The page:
A man accused of crossing into Canada while posing as an agent for a fictitious agency was arrested when he returned to the United States, federal officials said Tuesday.

Leonard Hugh Fuller asked agents at the Eastport, Idaho, border crossing on July 9 if he could store his gun there while he went on vacation in Canada, according to court records.

He showed the officers a badge and credentials and they agreed to hold his 9mm Beretta until he returned, the records showed.

Border agents then checked with the U.S. State Department, which had never heard of the "United States Special Response Department Anti-Terrorism Unit" -- the agency Fuller reportedly said was his employer. Fuller was arrested when he returned July 12 and asked for his weapon back.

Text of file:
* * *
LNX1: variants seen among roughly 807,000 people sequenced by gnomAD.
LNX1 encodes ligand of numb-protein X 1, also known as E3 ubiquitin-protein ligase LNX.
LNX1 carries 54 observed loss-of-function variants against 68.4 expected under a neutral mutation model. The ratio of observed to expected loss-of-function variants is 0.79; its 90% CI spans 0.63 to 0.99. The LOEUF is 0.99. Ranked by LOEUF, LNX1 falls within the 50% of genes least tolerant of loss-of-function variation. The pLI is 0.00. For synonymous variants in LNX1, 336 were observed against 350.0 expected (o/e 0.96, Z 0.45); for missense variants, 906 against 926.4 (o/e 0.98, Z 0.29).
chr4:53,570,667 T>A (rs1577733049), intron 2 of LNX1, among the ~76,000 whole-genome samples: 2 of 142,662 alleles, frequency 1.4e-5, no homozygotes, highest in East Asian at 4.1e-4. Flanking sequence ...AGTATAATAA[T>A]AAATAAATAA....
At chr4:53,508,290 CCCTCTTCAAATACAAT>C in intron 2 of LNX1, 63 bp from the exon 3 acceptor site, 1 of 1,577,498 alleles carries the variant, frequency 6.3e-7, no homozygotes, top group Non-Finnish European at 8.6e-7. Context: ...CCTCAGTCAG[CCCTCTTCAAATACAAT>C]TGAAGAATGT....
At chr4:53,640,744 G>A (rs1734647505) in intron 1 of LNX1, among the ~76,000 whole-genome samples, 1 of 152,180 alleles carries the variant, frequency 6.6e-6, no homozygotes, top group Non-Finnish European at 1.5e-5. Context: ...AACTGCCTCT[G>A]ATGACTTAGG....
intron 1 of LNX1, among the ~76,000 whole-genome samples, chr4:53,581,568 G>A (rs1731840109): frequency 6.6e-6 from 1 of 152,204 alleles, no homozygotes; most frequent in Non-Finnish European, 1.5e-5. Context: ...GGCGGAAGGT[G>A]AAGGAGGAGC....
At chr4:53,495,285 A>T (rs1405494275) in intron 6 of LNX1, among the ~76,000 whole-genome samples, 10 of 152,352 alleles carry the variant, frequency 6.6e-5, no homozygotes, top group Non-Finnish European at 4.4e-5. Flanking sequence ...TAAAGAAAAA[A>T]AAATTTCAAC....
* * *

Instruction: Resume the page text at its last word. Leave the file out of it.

Fuller, 55, was booked for investigation of producing fraudulent identity documents, a federal felony punishable by a maximum 15 years and $250,000 in fines.

Immigration and Customs Enforcement agents interviewed Fuller and said he told them he made the credentials and bought the badge after starting a private security firm, the "United States Special Response Department."

Fuller said he had registered his company with the government but had lost all of his paperwork in a flood, according to court documents.

Nancy Cook, assistant U.S. attorney for the District of Idaho, said investigators were trying to determine where Fuller lives.

A public defender working on his case did not return a call for comment Tuesday.